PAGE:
You’re thinking that Elinor Brent-Dyer wrote the Chalet School series, aren’t you? Write On readers with good memories will recall that I mentioned, a couple of years ago, that I visited the small plaque erected to Elinor Brent-Dyer in the library/tourist information centre in Pachenau. You may be interested to know that, in addition to the sixty books written by Elinor, more Chalet School books have been written by other authors, many (but not all) of them published by Girls Gone By. The author of this one, Adrianne Fitzpatrick, I know very well, through the Association of Christian Writers and it was she who told me about this cornucopia. I bought this book at the ACW bookstall at the ACW Writers Day last month and Adrianne has autographed it for me.
‘The Champion of the Chalet School’, set in 1946, at the time when the Chalet School was in Wales, has twelve year old Betsy Lucy as its main character. Adrianne writes in the introduction that she feels that puckish Betsy, who has older and younger sisters, is under-exposed as a character, and she picks up on events referred to in passing by EBD, about poor morale and indiscipline caused by an ineffectual head girl, Marilyn Evans, who neglected her duties for her academic work. Like the vast majority of other Chalet School books, The Champion covers the events of one term only, recounting how Peggy Burnett, the new head girl, tries to set things back on course, and, in particular, how young Betsy attempts to support her, by doing things, not for herself, not for her friends, not for her form, but for the school. To anyone involved in education at the current time, it seems inconceivable that discipline should rest on the head girl and the prefects to such a large extent, but I know that my husband, who was at one time head of house in his school, had a lot of responsibility.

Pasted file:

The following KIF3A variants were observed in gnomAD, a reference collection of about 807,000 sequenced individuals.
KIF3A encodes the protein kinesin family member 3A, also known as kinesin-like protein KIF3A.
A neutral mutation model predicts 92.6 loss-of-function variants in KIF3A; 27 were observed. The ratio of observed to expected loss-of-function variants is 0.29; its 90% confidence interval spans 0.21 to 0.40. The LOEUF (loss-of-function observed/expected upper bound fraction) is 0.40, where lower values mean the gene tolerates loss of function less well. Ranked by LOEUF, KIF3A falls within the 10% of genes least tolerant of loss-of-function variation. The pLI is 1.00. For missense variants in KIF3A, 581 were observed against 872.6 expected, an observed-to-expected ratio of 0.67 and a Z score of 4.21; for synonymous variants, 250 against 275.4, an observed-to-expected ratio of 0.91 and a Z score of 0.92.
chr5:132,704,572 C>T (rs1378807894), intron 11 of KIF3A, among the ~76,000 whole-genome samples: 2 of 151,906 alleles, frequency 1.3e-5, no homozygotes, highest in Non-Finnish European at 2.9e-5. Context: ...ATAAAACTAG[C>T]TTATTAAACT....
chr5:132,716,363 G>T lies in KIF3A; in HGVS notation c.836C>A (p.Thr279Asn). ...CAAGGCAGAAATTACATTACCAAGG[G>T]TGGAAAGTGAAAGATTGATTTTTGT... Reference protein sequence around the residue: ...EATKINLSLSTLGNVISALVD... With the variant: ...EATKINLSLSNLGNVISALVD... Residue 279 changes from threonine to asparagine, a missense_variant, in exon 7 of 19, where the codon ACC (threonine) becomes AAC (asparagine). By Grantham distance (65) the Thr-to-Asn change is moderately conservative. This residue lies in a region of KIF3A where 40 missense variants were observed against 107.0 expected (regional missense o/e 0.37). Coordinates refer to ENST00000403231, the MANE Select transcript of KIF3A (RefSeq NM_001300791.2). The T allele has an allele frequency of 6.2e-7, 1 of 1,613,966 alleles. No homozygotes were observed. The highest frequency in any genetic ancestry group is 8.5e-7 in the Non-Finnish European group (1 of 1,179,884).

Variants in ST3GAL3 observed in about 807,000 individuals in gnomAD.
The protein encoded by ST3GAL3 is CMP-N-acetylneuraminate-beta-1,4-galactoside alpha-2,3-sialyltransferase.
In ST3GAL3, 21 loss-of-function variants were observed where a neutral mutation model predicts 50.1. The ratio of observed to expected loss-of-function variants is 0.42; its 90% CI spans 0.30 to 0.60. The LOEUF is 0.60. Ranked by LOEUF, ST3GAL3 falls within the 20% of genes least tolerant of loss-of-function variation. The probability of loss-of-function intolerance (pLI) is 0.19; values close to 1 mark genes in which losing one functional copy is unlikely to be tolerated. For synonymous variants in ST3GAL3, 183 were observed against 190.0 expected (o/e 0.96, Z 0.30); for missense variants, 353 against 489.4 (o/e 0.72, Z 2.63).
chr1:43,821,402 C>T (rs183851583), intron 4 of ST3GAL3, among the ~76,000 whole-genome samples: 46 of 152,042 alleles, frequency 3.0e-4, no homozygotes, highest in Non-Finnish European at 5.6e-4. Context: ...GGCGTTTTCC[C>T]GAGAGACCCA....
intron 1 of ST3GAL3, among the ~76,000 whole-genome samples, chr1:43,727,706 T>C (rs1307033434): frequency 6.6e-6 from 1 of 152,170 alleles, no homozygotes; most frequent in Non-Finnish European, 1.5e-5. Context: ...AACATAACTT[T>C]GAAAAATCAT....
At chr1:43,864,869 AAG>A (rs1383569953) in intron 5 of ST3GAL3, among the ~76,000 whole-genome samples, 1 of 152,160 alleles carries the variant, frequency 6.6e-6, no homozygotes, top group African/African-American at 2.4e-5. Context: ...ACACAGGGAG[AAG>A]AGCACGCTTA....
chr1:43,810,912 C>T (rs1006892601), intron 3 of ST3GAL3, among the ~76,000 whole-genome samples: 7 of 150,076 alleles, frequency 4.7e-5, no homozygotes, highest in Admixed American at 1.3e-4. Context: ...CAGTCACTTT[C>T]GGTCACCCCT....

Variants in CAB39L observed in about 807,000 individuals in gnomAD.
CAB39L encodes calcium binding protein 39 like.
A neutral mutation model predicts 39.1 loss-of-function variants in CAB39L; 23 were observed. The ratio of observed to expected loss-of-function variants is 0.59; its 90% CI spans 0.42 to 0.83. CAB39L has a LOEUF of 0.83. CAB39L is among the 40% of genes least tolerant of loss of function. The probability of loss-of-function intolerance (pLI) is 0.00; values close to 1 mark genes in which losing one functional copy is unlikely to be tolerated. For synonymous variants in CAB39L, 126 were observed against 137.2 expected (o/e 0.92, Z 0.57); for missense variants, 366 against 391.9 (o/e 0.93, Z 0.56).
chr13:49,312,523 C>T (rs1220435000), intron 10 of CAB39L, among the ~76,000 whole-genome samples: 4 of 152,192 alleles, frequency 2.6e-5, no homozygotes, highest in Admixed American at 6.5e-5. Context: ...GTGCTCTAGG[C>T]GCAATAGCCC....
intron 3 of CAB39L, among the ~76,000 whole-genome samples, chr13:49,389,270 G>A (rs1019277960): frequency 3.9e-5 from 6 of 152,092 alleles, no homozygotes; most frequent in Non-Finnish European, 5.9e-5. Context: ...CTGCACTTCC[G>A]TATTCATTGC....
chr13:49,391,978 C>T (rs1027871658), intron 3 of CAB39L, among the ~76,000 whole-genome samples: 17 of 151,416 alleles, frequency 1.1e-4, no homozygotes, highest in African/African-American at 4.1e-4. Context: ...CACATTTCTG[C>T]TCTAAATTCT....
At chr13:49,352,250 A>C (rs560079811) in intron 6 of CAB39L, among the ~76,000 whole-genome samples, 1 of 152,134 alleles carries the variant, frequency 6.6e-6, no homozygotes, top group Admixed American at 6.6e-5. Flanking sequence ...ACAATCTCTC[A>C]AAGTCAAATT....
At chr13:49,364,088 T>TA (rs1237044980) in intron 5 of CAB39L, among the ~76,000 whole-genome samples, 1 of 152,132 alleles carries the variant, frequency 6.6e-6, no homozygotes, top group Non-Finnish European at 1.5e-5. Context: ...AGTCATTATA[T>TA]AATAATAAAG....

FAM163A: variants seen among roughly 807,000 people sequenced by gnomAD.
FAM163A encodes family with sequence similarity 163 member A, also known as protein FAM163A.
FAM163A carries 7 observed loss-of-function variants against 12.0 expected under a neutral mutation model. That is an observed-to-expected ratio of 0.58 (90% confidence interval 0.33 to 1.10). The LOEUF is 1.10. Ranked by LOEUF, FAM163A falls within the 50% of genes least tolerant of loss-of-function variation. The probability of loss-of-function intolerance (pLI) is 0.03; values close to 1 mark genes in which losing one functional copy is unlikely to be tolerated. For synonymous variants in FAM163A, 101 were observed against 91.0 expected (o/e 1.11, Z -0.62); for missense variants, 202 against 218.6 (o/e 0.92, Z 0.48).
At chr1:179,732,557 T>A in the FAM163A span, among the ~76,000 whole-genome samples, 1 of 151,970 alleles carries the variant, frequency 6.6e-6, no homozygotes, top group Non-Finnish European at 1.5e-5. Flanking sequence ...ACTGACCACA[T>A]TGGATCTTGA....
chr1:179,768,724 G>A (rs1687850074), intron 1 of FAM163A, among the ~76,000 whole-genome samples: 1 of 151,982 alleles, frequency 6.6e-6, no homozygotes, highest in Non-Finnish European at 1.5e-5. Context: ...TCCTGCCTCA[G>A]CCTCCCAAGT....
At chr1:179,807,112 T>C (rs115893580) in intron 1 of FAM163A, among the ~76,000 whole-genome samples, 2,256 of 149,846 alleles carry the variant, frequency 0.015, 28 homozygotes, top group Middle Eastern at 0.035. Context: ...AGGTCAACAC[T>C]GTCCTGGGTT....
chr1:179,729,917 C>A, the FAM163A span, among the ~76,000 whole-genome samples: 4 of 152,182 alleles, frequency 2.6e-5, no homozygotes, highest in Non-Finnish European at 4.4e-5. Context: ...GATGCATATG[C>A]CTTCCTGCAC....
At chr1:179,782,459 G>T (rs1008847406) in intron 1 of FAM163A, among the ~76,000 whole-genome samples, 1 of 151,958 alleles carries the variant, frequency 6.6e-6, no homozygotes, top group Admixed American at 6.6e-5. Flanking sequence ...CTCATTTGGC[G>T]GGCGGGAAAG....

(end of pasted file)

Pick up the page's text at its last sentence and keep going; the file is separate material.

An interesting subplot concerns delicate Anne, who is not allowed to do games or, indeed, move about much at all. Whereas, as I know from my own experience, contemporary children would be very supportive of a disabled colleague, Anne gets bullied because it’s felt she’s skiving. In the best schoolgirl tradition, Betsy sticks up for her. The kids I taught recently have, of course, grown up amongst Equality and Diversity legislation, whereas the Chaleteans hadn’t, so the scenario Adrianne describes rings true – for 1946. It also demonstrates how far attitudes have moved on.
Adrianne picks up the voice, the tone and the underpinning worldview of the EBD Chalet School perfectly: the delicate girls, the many rules which were all abided by as a matter of course, the girls’ interests and pursuits (Betsy did a lot of knitting), the piety, the general understanding that, on leaving school, all pupils (except a few who became teachers) got married (normally to doctors) and produced further Chalet School girls. You know me, that I’m a stickler for authenticity, and I would’ve been shocked if the girls had been more uptodate in their outlook, but, because of this, The Champion is, in truth, a story for grown-up girls – like me. My mother read the Chalet School series before me, and the reality is that the stories always were old fashioned, even at the time they were written. It’s noticeable that, whereas the Enid Blyton school stories, which I also used to read as a child, are still in print whereas many Chalet School stories aren’t.
Adrianne, who is a professional editor, also runs the small publishing company, Books to Treasure, which specialises in children’s and young adult fiction and non-fiction. I’m just going to double-check my grammar and punctuation in this post, because I do hope she’ll read it and won’t find too many mistakes!
‘Champion of the Chalet School’ is available from Girls Gone By Publishers.